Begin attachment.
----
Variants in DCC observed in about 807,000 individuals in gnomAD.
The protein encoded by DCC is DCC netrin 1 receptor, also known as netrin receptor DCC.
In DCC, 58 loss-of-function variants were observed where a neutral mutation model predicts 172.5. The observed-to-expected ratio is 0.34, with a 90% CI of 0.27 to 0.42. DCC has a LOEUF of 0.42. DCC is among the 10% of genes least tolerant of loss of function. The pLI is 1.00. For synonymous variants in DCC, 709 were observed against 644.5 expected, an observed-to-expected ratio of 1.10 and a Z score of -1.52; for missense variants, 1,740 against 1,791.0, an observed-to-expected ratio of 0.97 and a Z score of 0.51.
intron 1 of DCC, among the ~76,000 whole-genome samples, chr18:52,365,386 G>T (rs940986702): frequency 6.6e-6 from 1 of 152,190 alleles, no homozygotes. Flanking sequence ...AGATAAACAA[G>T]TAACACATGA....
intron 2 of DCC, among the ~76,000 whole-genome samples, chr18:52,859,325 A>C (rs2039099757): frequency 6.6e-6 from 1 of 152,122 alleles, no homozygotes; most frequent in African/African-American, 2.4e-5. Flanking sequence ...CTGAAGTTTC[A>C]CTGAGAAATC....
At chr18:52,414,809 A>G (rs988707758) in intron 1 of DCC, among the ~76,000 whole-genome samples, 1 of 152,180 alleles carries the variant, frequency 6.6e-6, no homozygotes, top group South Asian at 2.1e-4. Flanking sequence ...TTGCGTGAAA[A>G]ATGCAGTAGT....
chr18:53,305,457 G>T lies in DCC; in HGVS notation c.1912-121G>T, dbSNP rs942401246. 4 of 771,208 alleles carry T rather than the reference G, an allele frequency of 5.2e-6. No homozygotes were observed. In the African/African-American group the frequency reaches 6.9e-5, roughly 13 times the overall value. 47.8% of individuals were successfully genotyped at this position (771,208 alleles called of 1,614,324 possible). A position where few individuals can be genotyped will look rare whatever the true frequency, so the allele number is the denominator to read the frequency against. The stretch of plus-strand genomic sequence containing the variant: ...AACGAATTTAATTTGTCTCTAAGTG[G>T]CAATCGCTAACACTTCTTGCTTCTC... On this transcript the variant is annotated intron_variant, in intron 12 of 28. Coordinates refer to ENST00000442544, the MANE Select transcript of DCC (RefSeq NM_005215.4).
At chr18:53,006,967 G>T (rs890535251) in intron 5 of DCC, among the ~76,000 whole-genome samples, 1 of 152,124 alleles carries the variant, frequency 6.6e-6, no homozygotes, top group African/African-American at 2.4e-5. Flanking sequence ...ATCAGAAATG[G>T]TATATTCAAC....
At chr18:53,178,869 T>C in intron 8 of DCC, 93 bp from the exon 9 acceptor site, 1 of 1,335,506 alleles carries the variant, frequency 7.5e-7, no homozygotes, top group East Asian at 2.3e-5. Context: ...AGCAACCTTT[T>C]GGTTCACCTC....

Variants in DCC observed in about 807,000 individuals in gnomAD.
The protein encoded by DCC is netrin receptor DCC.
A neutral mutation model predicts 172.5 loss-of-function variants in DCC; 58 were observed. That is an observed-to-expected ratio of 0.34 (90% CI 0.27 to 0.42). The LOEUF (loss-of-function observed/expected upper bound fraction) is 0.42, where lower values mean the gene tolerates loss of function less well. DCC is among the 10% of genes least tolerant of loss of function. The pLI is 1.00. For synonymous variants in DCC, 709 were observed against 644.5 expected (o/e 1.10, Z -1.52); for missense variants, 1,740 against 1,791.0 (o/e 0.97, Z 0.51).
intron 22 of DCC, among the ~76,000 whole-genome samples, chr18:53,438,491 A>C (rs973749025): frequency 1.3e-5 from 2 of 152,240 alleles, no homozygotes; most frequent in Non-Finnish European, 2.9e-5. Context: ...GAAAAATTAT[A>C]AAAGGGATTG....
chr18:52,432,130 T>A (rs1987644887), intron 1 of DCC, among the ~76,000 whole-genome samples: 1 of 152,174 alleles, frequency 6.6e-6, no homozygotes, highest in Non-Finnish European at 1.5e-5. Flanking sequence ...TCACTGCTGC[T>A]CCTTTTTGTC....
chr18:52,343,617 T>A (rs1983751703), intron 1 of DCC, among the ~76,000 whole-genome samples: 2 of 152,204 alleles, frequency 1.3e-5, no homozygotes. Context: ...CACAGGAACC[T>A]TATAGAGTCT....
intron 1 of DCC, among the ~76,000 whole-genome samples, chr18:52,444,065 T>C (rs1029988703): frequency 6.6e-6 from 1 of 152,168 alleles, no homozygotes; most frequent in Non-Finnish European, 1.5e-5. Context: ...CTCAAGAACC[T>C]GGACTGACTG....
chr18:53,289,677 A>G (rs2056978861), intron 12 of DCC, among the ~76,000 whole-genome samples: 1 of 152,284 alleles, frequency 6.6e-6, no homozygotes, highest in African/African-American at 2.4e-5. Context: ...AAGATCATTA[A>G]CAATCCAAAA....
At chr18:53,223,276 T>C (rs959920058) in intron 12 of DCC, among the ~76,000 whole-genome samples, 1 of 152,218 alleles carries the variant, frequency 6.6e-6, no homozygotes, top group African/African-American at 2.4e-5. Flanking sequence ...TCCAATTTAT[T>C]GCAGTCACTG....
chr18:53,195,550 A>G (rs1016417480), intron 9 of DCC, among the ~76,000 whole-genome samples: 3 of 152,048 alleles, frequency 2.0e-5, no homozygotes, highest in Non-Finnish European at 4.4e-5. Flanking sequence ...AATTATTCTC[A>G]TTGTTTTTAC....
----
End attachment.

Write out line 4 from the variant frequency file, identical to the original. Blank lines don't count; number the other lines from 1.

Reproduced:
intron 1 of DCC, among the ~76,000 whole-genome samples, chr18:52,365,386 G>T (rs940986702): frequency 6.6e-6 from 1 of 152,190 alleles, no homozygotes. Flanking sequence ...AGATAAACAA[G>T]TAACACATGA....